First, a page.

Am I on the same wavelength with what you are saying or could you clarify your viewpoint for me?

Thank you for your time. I greatly appreciate your teaching and willingness to post that teaching online.


We must first note that the Bible does not use the phrase "original sin." It is an accurate description of the first (that is, the original) sin committed by Adam and Eve recording in Genesis 3. But other than the fact that this sin was the first committed by humans, the Bible does not treat it different from all other sins. The nature of sin and how it operates is something that remains fixed.

Let's start with Romans 3:23, you state that this is proof that we are born into sin.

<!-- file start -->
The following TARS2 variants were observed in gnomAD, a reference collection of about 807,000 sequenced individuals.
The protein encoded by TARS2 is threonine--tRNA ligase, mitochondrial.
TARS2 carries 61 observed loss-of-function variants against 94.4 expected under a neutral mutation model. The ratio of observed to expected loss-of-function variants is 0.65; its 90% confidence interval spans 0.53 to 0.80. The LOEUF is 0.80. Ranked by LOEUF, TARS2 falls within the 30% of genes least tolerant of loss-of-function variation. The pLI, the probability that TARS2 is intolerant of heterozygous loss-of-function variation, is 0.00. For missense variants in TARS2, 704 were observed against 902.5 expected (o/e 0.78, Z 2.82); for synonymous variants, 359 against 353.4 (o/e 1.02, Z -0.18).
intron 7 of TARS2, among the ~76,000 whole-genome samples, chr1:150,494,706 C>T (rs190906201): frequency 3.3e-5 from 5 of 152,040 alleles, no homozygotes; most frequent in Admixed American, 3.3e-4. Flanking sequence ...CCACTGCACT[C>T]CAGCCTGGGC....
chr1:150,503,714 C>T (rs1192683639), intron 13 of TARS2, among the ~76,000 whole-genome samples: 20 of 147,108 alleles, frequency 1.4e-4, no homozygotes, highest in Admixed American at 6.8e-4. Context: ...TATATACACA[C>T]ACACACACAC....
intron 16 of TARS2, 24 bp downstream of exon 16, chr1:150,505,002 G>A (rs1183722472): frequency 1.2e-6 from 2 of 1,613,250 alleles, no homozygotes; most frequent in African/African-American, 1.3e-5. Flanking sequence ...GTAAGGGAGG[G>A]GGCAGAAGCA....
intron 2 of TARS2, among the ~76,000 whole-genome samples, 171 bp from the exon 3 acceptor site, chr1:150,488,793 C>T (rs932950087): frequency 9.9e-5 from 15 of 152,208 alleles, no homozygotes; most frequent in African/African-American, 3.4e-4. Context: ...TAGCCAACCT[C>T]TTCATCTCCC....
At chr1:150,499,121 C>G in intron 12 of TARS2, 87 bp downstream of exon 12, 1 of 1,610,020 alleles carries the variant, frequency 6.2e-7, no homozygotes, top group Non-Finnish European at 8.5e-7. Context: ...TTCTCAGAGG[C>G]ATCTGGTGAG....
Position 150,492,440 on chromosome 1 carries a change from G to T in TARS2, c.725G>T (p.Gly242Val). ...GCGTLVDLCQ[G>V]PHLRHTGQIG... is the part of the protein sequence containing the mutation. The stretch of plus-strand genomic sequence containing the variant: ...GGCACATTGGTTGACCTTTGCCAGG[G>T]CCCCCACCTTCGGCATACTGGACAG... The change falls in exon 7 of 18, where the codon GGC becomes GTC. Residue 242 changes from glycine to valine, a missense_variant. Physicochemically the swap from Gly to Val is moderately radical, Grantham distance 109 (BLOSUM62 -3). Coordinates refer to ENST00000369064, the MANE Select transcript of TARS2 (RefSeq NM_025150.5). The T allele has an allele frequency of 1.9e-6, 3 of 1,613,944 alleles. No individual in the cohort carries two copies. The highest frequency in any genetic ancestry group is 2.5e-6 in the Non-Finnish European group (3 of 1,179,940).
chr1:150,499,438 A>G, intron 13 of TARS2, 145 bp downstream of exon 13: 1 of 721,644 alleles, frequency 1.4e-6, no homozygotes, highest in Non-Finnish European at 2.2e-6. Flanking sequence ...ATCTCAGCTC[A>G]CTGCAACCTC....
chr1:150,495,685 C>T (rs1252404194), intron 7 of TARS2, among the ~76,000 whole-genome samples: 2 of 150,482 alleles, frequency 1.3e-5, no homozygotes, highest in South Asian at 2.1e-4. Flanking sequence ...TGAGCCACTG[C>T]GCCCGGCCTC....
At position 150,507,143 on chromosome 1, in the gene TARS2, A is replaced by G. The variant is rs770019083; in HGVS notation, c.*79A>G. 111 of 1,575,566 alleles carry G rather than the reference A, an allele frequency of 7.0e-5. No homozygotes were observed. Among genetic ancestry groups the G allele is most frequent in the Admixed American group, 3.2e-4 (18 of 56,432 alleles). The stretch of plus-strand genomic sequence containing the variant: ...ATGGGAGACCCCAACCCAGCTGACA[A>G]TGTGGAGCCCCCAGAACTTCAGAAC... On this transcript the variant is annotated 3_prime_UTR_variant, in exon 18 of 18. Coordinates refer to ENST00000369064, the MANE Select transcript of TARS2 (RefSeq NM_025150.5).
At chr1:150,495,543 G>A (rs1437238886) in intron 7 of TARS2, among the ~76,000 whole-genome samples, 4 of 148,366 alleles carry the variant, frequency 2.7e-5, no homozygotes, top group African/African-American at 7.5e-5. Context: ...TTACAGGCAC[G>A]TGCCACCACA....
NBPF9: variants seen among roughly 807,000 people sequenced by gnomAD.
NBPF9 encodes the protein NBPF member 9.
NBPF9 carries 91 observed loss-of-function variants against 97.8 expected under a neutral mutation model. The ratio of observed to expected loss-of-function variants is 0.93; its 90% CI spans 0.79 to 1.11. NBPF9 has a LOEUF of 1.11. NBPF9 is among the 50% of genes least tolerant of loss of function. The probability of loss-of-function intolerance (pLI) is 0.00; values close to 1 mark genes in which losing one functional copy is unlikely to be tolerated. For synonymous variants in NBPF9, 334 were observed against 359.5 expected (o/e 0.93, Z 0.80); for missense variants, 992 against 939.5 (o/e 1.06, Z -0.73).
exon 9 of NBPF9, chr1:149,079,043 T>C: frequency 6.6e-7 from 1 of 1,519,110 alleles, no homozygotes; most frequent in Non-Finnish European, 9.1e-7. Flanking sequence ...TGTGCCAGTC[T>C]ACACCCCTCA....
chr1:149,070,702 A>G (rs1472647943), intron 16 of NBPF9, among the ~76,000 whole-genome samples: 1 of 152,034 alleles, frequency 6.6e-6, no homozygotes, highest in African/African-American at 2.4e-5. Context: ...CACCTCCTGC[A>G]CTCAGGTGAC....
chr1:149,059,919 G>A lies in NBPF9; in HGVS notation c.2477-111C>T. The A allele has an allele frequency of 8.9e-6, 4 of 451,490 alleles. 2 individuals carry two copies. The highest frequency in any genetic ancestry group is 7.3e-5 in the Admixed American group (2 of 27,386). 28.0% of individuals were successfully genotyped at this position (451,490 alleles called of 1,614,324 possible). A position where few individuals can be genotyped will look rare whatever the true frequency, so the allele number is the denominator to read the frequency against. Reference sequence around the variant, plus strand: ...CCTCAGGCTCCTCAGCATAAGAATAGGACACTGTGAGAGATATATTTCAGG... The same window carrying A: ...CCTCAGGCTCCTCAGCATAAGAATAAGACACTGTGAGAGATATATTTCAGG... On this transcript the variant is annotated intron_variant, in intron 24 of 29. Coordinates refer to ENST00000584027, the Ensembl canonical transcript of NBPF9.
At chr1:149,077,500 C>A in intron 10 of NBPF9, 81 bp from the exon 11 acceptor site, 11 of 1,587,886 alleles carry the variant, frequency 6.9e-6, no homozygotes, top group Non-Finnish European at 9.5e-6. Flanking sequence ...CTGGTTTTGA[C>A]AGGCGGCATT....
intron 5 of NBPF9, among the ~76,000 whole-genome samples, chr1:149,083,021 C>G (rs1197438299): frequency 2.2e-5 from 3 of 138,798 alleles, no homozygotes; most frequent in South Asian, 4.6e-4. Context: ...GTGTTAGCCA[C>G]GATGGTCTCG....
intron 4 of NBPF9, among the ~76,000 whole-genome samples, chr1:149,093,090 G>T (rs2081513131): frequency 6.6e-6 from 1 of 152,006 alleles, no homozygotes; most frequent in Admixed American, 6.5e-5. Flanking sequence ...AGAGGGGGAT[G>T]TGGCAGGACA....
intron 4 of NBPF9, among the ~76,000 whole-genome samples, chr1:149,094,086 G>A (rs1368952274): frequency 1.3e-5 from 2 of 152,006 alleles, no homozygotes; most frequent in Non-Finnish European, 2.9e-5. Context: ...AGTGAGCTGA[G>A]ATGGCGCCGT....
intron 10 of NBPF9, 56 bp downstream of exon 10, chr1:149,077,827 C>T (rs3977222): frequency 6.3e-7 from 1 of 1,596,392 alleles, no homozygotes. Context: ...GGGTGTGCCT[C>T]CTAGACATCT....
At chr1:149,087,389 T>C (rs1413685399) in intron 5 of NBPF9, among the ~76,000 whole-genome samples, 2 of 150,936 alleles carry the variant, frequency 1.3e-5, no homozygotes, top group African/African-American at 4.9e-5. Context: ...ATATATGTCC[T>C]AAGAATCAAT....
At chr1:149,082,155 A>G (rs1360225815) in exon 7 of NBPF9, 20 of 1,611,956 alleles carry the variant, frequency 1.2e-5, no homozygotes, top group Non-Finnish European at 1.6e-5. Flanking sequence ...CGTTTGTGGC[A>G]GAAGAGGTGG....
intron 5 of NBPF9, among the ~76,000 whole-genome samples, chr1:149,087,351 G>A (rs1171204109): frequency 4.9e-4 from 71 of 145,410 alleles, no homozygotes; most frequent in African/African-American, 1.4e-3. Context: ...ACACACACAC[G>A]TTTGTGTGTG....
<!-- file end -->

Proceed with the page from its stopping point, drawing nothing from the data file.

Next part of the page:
"What then? Are we better than they? Not at all. For we have previously charged both Jews and Greeks that they are all under sin. As it is written: "There is none righteous, no, not one; There is none who understands; There is none who seeks after God. They have all turned aside; They have together become unprofitable; There is none who does good, no, not one." "Their throat is an open tomb; With their tongues they have practiced deceit"; "The poison of asps is under their lips"; "Whose mouth is full of cursing and bitterness." "Their feet are swift to shed blood; Destruction and misery are in their ways; And the way of peace they have not known." "There is no fear of God before their eyes." Now we know that whatever the law says, it says to those who are under the law, that every mouth may be stopped, and all the world may become guilty before God. Therefore by the deeds of the law no flesh will be justified in His sight, for by the law is the knowledge of sin. But now the righteousness of God apart from the law is revealed, being witnessed by the Law and the Prophets, even the righteousness of God, through faith in Jesus Christ, to all and on all who believe. For there is no difference; for all have sinned and fall short of the glory of God" (Romans 3:9-23).